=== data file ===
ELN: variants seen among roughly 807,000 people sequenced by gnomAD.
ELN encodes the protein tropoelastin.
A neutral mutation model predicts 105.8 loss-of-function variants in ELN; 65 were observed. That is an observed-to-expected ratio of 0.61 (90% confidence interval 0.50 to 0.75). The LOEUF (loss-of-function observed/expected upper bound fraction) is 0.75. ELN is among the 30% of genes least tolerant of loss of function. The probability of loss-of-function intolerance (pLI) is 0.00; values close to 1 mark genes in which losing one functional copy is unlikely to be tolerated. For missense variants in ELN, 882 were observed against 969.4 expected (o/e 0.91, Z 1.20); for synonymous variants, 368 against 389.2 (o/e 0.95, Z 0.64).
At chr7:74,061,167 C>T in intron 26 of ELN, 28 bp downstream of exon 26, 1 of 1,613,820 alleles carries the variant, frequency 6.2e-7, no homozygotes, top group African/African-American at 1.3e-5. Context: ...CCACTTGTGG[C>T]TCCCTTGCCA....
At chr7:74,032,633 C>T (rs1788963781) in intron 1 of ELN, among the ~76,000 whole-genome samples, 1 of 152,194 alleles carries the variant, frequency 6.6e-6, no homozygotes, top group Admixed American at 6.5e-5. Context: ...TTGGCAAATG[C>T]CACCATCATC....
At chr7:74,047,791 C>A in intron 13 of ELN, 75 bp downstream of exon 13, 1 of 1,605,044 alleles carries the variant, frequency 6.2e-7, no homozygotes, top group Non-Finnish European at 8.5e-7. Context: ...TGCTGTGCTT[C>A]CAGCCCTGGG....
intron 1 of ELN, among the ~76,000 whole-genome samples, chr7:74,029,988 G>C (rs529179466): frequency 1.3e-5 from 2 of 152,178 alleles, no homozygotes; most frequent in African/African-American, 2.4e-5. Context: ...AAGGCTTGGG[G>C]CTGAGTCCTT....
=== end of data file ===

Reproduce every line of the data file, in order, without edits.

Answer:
ELN: variants seen among roughly 807,000 people sequenced by gnomAD.
ELN encodes the protein tropoelastin.
A neutral mutation model predicts 105.8 loss-of-function variants in ELN; 65 were observed. That is an observed-to-expected ratio of 0.61 (90% confidence interval 0.50 to 0.75). The LOEUF (loss-of-function observed/expected upper bound fraction) is 0.75. ELN is among the 30% of genes least tolerant of loss of function. The probability of loss-of-function intolerance (pLI) is 0.00; values close to 1 mark genes in which losing one functional copy is unlikely to be tolerated. For missense variants in ELN, 882 were observed against 969.4 expected (o/e 0.91, Z 1.20); for synonymous variants, 368 against 389.2 (o/e 0.95, Z 0.64).
At chr7:74,061,167 C>T in intron 26 of ELN, 28 bp downstream of exon 26, 1 of 1,613,820 alleles carries the variant, frequency 6.2e-7, no homozygotes, top group African/African-American at 1.3e-5. Context: ...CCACTTGTGG[C>T]TCCCTTGCCA....
At chr7:74,032,633 C>T (rs1788963781) in intron 1 of ELN, among the ~76,000 whole-genome samples, 1 of 152,194 alleles carries the variant, frequency 6.6e-6, no homozygotes, top group Admixed American at 6.5e-5. Context: ...TTGGCAAATG[C>T]CACCATCATC....
At chr7:74,047,791 C>A in intron 13 of ELN, 75 bp downstream of exon 13, 1 of 1,605,044 alleles carries the variant, frequency 6.2e-7, no homozygotes, top group Non-Finnish European at 8.5e-7. Context: ...TGCTGTGCTT[C>A]CAGCCCTGGG....
intron 1 of ELN, among the ~76,000 whole-genome samples, chr7:74,029,988 G>C (rs529179466): frequency 1.3e-5 from 2 of 152,178 alleles, no homozygotes; most frequent in African/African-American, 2.4e-5. Context: ...AAGGCTTGGG[G>C]CTGAGTCCTT....